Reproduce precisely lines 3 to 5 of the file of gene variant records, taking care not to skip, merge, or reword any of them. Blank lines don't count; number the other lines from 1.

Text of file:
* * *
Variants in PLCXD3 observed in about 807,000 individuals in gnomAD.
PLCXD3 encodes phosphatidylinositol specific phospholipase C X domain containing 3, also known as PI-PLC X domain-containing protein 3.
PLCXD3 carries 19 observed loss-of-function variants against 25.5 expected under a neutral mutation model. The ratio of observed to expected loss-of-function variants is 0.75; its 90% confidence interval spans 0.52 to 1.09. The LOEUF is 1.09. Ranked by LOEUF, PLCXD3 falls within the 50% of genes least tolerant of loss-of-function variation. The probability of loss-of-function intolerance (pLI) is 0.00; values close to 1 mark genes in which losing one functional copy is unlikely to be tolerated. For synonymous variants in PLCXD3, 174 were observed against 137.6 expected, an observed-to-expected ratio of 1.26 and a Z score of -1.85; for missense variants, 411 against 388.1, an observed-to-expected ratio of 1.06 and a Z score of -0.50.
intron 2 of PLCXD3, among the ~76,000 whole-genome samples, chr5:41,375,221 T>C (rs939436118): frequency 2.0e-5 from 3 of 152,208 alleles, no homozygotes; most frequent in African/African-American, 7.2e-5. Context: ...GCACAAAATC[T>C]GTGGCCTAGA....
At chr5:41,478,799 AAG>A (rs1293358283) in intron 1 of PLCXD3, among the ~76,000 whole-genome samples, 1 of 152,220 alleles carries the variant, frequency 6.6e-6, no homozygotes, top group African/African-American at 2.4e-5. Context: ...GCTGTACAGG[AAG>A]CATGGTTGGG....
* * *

PLCXD3 carries 19 observed loss-of-function variants against 25.5 expected under a neutral mutation model. The ratio of observed to expected loss-of-function variants is 0.75; its 90% confidence interval spans 0.52 to 1.09. The LOEUF is 1.09. Ranked by LOEUF, PLCXD3 falls within the 50% of genes least tolerant of loss-of-function variation. The probability of loss-of-function intolerance (pLI) is 0.00; values close to 1 mark genes in which losing one functional copy is unlikely to be tolerated. For synonymous variants in PLCXD3, 174 were observed against 137.6 expected, an observed-to-expected ratio of 1.26 and a Z score of -1.85; for missense variants, 411 against 388.1, an observed-to-expected ratio of 1.06 and a Z score of -0.50.
intron 2 of PLCXD3, among the ~76,000 whole-genome samples, chr5:41,375,221 T>C (rs939436118): frequency 2.0e-5 from 3 of 152,208 alleles, no homozygotes; most frequent in African/African-American, 7.2e-5. Context: ...GCACAAAATC[T>C]GTGGCCTAGA....
At chr5:41,478,799 AAG>A (rs1293358283) in intron 1 of PLCXD3, among the ~76,000 whole-genome samples, 1 of 152,220 alleles carries the variant, frequency 6.6e-6, no homozygotes, top group African/African-American at 2.4e-5. Context: ...GCTGTACAGG[AAG>A]CATGGTTGGG....